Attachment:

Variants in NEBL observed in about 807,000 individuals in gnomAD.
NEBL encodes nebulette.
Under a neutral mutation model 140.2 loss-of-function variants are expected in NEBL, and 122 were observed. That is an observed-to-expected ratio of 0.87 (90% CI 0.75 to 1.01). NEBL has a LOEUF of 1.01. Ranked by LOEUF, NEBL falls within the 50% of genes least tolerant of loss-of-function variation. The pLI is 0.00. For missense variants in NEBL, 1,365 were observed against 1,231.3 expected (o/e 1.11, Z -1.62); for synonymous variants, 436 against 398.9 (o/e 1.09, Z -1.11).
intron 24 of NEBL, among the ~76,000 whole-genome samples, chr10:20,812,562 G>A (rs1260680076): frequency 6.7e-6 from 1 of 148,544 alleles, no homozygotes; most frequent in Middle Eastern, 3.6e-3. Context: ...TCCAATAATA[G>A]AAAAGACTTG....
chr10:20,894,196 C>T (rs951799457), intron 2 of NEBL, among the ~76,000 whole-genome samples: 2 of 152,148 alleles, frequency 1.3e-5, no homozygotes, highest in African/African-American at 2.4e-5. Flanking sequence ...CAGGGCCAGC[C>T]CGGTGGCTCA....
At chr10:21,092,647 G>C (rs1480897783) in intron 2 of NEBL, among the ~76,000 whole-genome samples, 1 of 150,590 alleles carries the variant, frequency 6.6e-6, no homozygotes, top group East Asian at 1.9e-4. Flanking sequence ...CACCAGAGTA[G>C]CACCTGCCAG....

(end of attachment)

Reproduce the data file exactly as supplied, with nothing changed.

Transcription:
Variants in NEBL observed in about 807,000 individuals in gnomAD.
NEBL encodes nebulette.
Under a neutral mutation model 140.2 loss-of-function variants are expected in NEBL, and 122 were observed. That is an observed-to-expected ratio of 0.87 (90% CI 0.75 to 1.01). NEBL has a LOEUF of 1.01. Ranked by LOEUF, NEBL falls within the 50% of genes least tolerant of loss-of-function variation. The pLI is 0.00. For missense variants in NEBL, 1,365 were observed against 1,231.3 expected (o/e 1.11, Z -1.62); for synonymous variants, 436 against 398.9 (o/e 1.09, Z -1.11).
intron 24 of NEBL, among the ~76,000 whole-genome samples, chr10:20,812,562 G>A (rs1260680076): frequency 6.7e-6 from 1 of 148,544 alleles, no homozygotes; most frequent in Middle Eastern, 3.6e-3. Context: ...TCCAATAATA[G>A]AAAAGACTTG....
chr10:20,894,196 C>T (rs951799457), intron 2 of NEBL, among the ~76,000 whole-genome samples: 2 of 152,148 alleles, frequency 1.3e-5, no homozygotes, highest in African/African-American at 2.4e-5. Flanking sequence ...CAGGGCCAGC[C>T]CGGTGGCTCA....
At chr10:21,092,647 G>C (rs1480897783) in intron 2 of NEBL, among the ~76,000 whole-genome samples, 1 of 150,590 alleles carries the variant, frequency 6.6e-6, no homozygotes, top group East Asian at 1.9e-4. Flanking sequence ...CACCAGAGTA[G>C]CACCTGCCAG....